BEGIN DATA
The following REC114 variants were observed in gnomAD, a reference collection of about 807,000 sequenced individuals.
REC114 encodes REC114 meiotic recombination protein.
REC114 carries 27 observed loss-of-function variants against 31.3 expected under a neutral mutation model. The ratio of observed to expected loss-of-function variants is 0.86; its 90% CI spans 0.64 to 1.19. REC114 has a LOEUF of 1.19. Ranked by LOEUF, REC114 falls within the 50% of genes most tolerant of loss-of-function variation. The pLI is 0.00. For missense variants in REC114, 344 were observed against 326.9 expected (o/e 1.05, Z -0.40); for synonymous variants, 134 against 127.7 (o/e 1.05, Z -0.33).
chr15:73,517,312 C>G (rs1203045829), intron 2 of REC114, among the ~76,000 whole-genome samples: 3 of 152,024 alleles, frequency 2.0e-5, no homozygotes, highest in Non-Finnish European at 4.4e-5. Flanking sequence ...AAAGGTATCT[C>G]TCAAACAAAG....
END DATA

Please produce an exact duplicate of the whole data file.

The following REC114 variants were observed in gnomAD, a reference collection of about 807,000 sequenced individuals.
REC114 encodes REC114 meiotic recombination protein.
REC114 carries 27 observed loss-of-function variants against 31.3 expected under a neutral mutation model. The ratio of observed to expected loss-of-function variants is 0.86; its 90% CI spans 0.64 to 1.19. REC114 has a LOEUF of 1.19. Ranked by LOEUF, REC114 falls within the 50% of genes most tolerant of loss-of-function variation. The pLI is 0.00. For missense variants in REC114, 344 were observed against 326.9 expected (o/e 1.05, Z -0.40); for synonymous variants, 134 against 127.7 (o/e 1.05, Z -0.33).
chr15:73,517,312 C>G (rs1203045829), intron 2 of REC114, among the ~76,000 whole-genome samples: 3 of 152,024 alleles, frequency 2.0e-5, no homozygotes, highest in Non-Finnish European at 4.4e-5. Flanking sequence ...AAAGGTATCT[C>G]TCAAACAAAG....